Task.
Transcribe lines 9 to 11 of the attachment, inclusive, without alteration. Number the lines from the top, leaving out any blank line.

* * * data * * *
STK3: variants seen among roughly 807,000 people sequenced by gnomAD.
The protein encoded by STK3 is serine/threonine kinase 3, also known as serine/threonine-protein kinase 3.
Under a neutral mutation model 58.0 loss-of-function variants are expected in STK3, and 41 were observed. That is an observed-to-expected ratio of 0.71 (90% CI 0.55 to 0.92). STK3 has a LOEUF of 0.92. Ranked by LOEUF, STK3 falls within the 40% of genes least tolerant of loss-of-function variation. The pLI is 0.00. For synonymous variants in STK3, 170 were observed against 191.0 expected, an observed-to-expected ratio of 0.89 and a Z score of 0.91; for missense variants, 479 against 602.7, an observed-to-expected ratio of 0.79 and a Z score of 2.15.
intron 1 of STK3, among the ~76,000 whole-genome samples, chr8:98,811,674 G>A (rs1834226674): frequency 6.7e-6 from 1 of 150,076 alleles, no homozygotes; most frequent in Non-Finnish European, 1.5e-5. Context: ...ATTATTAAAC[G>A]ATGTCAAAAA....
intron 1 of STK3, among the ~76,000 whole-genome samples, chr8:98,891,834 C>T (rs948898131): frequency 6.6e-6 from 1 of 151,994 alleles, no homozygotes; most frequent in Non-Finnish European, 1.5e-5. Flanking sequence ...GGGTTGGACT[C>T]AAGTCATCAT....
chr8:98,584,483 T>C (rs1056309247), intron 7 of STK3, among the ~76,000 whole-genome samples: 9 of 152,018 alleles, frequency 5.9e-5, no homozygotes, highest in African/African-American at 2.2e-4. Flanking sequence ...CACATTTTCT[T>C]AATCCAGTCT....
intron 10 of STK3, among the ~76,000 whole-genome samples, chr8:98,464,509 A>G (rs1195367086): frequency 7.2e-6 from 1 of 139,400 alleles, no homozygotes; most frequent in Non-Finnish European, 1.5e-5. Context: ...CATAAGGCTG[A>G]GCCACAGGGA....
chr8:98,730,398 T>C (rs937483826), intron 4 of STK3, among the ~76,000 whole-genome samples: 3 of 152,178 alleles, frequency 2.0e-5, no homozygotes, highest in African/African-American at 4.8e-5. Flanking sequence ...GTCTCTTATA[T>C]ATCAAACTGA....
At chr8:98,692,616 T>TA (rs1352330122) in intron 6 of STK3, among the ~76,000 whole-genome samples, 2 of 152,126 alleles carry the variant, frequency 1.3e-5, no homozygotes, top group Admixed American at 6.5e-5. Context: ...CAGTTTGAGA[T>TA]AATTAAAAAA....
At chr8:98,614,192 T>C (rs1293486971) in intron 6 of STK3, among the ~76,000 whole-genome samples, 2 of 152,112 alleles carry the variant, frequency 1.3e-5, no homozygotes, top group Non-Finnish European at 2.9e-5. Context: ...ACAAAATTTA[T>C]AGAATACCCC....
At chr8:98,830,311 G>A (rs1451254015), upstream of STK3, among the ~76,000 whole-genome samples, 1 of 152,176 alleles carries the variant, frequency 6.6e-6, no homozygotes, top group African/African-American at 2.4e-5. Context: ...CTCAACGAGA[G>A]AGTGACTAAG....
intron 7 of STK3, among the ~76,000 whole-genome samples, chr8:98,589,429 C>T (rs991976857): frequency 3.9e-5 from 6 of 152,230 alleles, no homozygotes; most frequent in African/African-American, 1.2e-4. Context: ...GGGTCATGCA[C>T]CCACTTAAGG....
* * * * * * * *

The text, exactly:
At chr8:98,692,616 T>TA (rs1352330122) in intron 6 of STK3, among the ~76,000 whole-genome samples, 2 of 152,126 alleles carry the variant, frequency 1.3e-5, no homozygotes, top group Admixed American at 6.5e-5. Context: ...CAGTTTGAGA[T>TA]AATTAAAAAA....
At chr8:98,614,192 T>C (rs1293486971) in intron 6 of STK3, among the ~76,000 whole-genome samples, 2 of 152,112 alleles carry the variant, frequency 1.3e-5, no homozygotes, top group Non-Finnish European at 2.9e-5. Context: ...ACAAAATTTA[T>C]AGAATACCCC....
At chr8:98,830,311 G>A (rs1451254015), upstream of STK3, among the ~76,000 whole-genome samples, 1 of 152,176 alleles carries the variant, frequency 6.6e-6, no homozygotes, top group African/African-American at 2.4e-5. Context: ...CTCAACGAGA[G>A]AGTGACTAAG....